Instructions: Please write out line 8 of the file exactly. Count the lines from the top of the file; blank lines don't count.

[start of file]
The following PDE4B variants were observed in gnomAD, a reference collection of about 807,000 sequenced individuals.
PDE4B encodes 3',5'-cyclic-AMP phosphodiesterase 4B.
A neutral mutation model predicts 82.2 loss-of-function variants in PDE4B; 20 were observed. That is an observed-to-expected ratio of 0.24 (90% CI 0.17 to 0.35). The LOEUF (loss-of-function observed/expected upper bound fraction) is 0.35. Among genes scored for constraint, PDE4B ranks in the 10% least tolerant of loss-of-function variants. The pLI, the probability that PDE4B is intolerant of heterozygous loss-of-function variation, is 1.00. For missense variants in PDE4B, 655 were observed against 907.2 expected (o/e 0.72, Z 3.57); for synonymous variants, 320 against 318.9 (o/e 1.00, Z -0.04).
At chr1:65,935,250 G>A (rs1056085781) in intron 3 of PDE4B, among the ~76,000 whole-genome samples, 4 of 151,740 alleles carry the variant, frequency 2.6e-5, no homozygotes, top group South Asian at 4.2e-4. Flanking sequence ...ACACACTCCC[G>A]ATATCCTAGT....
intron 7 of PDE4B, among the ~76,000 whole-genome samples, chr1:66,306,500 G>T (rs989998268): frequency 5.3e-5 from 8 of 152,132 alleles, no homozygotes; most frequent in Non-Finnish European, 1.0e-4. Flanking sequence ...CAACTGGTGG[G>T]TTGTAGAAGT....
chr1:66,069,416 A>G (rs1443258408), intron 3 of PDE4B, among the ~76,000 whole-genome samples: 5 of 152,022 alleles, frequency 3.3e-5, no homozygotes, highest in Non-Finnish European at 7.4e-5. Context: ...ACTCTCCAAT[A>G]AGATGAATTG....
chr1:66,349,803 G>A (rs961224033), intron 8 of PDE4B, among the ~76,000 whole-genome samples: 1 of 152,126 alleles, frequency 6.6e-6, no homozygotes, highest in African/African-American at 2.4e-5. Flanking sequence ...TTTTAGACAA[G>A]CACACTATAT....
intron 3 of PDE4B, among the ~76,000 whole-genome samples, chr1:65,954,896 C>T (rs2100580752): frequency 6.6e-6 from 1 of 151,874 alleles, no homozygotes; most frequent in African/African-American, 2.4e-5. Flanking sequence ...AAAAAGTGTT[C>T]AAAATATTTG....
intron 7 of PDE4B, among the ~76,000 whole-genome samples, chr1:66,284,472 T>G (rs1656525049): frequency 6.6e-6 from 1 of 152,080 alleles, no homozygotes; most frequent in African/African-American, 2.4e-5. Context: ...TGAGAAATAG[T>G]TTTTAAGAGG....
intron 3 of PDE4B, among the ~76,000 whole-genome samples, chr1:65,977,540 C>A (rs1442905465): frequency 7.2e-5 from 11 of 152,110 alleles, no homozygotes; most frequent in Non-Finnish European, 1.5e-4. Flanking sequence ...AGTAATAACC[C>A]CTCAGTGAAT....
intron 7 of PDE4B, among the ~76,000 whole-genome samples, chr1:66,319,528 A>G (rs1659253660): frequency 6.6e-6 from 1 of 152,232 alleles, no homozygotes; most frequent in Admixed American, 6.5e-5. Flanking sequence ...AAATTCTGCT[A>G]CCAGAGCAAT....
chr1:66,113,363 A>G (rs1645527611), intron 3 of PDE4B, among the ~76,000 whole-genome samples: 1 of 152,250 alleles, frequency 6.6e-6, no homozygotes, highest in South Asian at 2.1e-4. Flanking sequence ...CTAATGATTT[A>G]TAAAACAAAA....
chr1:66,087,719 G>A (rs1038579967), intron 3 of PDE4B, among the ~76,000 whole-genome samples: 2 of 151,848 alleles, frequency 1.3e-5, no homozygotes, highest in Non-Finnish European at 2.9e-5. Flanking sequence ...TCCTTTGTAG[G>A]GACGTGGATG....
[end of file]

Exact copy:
intron 3 of PDE4B, among the ~76,000 whole-genome samples, chr1:65,954,896 C>T (rs2100580752): frequency 6.6e-6 from 1 of 151,874 alleles, no homozygotes; most frequent in African/African-American, 2.4e-5. Flanking sequence ...AAAAAGTGTT[C>T]AAAATATTTG....